A senior Nagorno-Karabakh official reaffirmed on Thursday the Stepanakert government’s unhappiness with the existing international plan to end the Armenian-Azerbaijani dispute and said the international mediators are also to blame for the deadlocked peace process.
“Failure to include important provisions into the proposals [made by the OSCE Minsk Group] was to inevitably lead to a fiasco. Therefore their avoidance of responsibility is not justified,” Arman Melikian, a top aide to Karabakh leader Arkady Ghukasian, told RFE/RL.
He was commenting on a statement by the American, French and Russian co-chairs of the Minsk Group which disclosed the main elements of a framework peace agreement considered by Armenia and Azerbaijan. The statement, made public on Wednesday, warned that by failing to sign that agreement the conflicting parties would miss a unique opportunity to resolve the Karabakh dispute.
At the heart of the Minsk Group plan is the idea of determining Karabakh’s status in a referendum to be held years after the liberation of most Armenian-occupied territories in Azerbaijan and other confidence-building measures. Melikian reiterated that the unrecognized Nagorno-Karabakh Republic (NKR) has serious misgivings about the idea not least because the proposed vote would also involve Karabakh’s former Azerbaijani minority that fled the region during the war. He complained that the peace proposals do not allow for the return of Armenians displaced by the conflict.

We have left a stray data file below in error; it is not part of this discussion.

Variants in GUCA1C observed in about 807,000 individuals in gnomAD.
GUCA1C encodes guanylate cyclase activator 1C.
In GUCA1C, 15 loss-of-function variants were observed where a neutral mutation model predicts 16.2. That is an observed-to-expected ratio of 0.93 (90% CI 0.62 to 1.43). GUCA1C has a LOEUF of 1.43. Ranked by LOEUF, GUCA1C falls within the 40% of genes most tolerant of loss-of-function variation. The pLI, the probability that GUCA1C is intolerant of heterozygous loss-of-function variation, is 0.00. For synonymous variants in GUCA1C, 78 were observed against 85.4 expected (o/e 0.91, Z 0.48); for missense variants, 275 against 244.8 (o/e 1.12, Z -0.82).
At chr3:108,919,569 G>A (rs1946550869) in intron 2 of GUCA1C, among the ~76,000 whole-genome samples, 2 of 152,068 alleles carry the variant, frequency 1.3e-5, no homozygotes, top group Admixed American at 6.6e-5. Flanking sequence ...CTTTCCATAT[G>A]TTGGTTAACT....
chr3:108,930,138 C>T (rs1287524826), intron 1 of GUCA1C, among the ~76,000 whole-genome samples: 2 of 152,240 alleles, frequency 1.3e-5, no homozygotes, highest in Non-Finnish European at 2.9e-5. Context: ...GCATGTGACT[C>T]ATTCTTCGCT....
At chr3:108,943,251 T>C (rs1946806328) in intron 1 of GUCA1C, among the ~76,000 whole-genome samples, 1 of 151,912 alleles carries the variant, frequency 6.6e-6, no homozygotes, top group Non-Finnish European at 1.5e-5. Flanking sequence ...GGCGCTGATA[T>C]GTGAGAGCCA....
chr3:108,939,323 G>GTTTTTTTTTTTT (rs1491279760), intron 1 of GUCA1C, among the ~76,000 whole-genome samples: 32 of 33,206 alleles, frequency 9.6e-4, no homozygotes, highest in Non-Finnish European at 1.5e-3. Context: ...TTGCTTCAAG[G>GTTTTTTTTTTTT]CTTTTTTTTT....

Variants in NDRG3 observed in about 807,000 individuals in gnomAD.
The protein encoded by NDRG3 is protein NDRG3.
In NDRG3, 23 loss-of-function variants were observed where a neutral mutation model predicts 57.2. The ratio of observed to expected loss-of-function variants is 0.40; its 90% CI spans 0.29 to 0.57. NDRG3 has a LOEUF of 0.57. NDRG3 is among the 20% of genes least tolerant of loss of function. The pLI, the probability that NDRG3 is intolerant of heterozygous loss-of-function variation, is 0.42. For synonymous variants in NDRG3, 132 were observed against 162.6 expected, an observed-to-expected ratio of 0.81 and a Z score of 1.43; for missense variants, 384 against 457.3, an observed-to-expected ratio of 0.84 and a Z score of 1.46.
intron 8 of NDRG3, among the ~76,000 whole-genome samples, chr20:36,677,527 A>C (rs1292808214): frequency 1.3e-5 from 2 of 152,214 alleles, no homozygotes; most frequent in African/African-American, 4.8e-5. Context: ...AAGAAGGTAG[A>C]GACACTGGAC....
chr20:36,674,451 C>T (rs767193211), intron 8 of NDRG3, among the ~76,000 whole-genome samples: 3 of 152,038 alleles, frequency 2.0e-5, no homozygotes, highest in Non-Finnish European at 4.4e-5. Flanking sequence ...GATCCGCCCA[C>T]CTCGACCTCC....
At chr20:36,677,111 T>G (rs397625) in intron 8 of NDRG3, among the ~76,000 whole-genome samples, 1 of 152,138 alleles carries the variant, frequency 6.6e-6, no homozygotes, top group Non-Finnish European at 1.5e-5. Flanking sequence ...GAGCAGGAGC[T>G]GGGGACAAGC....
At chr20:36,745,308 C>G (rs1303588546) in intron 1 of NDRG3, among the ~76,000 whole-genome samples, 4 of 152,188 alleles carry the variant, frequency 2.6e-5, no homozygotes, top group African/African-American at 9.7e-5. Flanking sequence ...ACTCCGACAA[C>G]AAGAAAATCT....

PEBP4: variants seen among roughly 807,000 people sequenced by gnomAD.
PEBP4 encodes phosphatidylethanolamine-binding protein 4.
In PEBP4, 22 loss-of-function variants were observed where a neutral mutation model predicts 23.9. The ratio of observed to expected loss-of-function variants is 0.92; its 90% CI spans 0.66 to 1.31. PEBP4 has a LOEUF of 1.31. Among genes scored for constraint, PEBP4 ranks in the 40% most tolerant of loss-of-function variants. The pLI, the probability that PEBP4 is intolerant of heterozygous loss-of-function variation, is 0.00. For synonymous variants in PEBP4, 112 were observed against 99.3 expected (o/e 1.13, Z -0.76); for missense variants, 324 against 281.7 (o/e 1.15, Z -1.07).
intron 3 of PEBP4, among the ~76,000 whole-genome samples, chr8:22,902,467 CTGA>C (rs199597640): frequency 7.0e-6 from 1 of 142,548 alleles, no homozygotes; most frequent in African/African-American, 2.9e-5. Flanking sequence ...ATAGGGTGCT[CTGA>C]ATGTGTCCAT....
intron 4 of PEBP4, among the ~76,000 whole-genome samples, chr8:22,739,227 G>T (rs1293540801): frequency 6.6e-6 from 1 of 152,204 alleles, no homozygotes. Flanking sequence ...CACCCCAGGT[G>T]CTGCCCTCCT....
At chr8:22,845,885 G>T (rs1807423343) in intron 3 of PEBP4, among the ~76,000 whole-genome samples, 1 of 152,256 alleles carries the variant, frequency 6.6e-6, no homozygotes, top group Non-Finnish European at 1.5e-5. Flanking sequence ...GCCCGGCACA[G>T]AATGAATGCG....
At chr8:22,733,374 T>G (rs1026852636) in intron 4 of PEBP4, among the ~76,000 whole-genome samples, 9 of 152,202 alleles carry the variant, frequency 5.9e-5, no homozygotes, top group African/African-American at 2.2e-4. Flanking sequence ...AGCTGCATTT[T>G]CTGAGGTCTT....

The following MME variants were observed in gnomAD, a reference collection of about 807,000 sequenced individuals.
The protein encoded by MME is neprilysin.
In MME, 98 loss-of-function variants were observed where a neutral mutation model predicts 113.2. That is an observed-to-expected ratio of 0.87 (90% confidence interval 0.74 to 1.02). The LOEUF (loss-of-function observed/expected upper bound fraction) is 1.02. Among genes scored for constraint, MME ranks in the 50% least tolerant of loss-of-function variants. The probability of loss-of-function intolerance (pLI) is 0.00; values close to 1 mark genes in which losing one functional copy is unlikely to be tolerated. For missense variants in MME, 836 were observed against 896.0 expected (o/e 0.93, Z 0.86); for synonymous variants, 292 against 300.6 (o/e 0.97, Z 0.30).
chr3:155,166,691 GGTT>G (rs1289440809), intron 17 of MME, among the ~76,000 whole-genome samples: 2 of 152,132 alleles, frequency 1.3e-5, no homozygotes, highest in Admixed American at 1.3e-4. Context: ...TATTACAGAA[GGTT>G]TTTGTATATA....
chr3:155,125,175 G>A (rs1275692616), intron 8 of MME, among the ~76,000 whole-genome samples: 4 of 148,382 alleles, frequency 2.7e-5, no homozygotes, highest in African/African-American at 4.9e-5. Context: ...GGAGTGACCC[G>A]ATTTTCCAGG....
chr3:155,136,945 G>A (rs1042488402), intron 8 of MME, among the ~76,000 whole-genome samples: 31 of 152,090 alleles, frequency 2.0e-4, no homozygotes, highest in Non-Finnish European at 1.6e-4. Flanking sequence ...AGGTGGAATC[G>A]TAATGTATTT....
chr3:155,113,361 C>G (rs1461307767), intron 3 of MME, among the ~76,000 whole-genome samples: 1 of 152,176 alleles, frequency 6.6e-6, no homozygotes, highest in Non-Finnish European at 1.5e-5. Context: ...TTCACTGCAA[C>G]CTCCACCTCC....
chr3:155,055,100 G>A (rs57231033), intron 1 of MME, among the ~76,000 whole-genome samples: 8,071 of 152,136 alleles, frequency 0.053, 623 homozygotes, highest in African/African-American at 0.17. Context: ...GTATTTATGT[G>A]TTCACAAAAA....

“The current negotiating process does not seem to be aimed at finding a final and lasting solution,” claimed Melikian.
The Karabakh official also dismissed the mediators’ assurances that they have done their best to broker a peaceful settlement and that the onus is on the two sides to hammer out mutual compromise. “In essence, the co-chairs are trying to blame the lack of results in the negotiating process on the parties, Armenia and Azerbaijan,” he said. “They are taking a neutral stance and saying that the presidents are to blame for their failure to reach agreement.”
The remarks contrast with the position of official Yerevan which finds the proposed Karabakh deal largely acceptable. “Armenia finds that the basic principles, overall, on the table today remain a serious basis for continuing negotiations,” the Foreign Ministry said on Monday.
The Minsk Group was also essentially endorsed on Thursday by Vahan Hovannisian, a leader of the Armenian Revolutionary Federation (Dashnaktsutyun), the most hard-line of political groups represented in Armenia’s government. “Nobody, including the mediators, denies that this is only a basis for further clarifications,” he told RFE/RL. “We will never try to prevent our authorities from reaching such a framework agreement.”
“But when it comes to working out details of that framework agreement, there will certainly be debates, both here and in Azerbaijan,” added the deputy speaker of the Armenian parliament.
Hovannisian also praised the mediators for finally disclosing the essence of what they believe is the optimal peace formula. He suggested that ordinary Azerbaijanis will now see the huge gap between President Ilham Aliev’s public threats to win back Karabakh by force and his apparent stated readiness to let the Karabakh Armenians decide their status.
(Photolur photo: Arkady Ghukasian.)